Climate for Learning Survey
In 2009, the Climate for Learning Survey was administered to undergraduate, graduate and first-professional students in an effort to assess the academic and social climate on campus. The 63-item questionnaire was the product of collaboration between the President’s Commission on Diversity and Institutional Research, Planning and Effectiveness. A total of 2,856 students responded to the survey. The overall response rate was 28 percent, and the overall margin of error was plus or minus 3 percent. Since the sample was not a simple random one and response rates varied within demographic groups, scores were weighted to reflect the composition of the UK student body and each college in Spring 2009. Nine scales were constructed to assess the learning environment at UK: Openness to diversity: Discomfort with diversity, Welcoming campus environment, Curricular/co-curricular effectiveness, Perceptions of disparate treatment, Engaged community, Volunteerism, Faculty interactions, and Diverse social interactions.
- 2009 Form for Undergraduate Students
- 2009 Form for Graduate Students
- 2009 Item-by-Item Results: Overall and by College
- 2009 Factor Means for Selected Groups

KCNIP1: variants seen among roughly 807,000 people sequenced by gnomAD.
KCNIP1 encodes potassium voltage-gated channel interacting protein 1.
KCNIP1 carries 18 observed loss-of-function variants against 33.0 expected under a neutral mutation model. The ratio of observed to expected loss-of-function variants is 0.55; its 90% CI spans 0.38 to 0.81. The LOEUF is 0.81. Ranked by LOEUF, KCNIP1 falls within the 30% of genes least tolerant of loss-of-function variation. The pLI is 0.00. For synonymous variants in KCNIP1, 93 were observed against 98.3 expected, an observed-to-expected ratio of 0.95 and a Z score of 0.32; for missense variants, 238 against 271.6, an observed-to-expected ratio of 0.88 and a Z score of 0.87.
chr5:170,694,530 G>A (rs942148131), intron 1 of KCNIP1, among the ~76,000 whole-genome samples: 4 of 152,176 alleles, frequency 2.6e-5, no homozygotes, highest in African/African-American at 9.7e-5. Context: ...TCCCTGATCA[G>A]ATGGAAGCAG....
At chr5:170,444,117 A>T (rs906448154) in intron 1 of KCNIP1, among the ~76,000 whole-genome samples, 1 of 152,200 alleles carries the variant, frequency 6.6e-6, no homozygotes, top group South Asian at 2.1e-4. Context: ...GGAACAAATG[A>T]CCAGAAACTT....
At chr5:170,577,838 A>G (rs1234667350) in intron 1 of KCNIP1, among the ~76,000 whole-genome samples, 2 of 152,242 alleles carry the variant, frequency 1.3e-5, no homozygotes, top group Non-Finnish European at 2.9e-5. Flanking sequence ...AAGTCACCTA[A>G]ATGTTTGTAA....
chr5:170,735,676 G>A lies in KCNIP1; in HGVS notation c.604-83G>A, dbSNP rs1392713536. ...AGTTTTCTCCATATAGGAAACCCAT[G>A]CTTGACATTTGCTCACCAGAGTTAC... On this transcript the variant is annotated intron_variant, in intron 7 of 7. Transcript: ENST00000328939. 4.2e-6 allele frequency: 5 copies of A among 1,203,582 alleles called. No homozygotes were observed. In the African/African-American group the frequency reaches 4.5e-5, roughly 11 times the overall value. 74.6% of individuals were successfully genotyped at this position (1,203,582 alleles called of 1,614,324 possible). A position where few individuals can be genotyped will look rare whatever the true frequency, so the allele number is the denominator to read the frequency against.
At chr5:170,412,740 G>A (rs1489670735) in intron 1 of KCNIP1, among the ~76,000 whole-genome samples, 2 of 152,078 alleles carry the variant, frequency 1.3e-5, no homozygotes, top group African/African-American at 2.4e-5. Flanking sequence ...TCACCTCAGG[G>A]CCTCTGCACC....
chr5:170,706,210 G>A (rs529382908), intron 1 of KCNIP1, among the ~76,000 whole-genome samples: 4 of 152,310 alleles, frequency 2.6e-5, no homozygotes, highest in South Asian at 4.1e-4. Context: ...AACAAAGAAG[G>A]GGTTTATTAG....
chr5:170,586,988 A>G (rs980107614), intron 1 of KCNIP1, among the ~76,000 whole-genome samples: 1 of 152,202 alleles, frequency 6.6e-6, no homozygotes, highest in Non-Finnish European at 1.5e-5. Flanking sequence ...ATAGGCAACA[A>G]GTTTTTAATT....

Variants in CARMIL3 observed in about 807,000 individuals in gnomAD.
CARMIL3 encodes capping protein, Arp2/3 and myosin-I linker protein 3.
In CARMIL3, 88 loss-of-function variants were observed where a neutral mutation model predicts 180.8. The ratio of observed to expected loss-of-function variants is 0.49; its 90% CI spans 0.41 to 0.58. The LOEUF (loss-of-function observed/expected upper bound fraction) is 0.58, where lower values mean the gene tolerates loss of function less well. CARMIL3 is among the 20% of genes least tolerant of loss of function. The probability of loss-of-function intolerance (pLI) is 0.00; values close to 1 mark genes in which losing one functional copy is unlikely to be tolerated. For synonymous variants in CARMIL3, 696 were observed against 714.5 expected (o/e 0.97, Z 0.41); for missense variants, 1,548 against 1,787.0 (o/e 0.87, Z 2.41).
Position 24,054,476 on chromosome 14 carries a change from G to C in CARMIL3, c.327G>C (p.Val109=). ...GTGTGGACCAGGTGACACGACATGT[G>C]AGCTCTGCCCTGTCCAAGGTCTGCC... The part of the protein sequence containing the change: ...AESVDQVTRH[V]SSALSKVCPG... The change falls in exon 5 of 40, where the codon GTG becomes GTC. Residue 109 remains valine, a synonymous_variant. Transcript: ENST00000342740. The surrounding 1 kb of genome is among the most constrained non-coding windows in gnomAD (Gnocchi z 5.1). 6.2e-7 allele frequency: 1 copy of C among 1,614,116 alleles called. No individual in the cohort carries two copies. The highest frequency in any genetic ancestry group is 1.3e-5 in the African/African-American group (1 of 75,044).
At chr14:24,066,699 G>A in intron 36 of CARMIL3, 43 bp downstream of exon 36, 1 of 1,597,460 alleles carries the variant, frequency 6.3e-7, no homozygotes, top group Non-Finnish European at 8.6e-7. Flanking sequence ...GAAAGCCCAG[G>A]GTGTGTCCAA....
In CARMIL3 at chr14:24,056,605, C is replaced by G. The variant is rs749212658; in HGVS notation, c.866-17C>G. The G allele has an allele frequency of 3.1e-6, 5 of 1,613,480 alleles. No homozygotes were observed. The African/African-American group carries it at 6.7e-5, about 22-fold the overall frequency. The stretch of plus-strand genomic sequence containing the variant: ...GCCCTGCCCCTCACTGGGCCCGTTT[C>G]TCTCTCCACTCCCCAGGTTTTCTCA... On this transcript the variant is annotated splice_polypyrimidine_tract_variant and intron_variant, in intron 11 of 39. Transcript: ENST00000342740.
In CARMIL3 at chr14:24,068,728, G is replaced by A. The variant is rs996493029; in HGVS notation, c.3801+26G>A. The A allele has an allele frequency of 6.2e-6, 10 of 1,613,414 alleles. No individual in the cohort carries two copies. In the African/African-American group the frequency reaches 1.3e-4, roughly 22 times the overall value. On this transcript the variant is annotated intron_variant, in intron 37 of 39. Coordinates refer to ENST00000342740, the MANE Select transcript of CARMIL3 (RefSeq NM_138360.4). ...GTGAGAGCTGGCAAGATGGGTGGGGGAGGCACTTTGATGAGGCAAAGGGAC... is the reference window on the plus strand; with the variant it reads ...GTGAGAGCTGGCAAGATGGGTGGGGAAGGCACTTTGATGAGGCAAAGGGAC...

- 2009 PowerPoint Presentation
Initial Efforts to Evaluate the Social and Academic Climate
The University’s first efforts to assess the social and academic climate occurred in 2004 when the President’s Commission on Women, in collaboration with the Office of Institutional Research, surveyed the UK student body on various aspects of campus life. The 2004 Campus Climate Survey assessed how comfortable students were working and interacting with diverse student groups, faculty, and staff in a variety of campus settings and situations. Over 6,500 students completed the 106-item questionnaire. The survey was designed to measure dimensions of campus life that contribute to student satisfaction and identify areas where UK needs to improve upon its overall sense of community. Seven scales emerged from the items appearing on the questionnaire: openness to diversity, perceived freedom to express opinions and beliefs, campus safety concerns, feelings of social isolation, perceived encouragement and respect from faculty, perceived unfairness in classroom management, and overall satisfaction with the UK experience.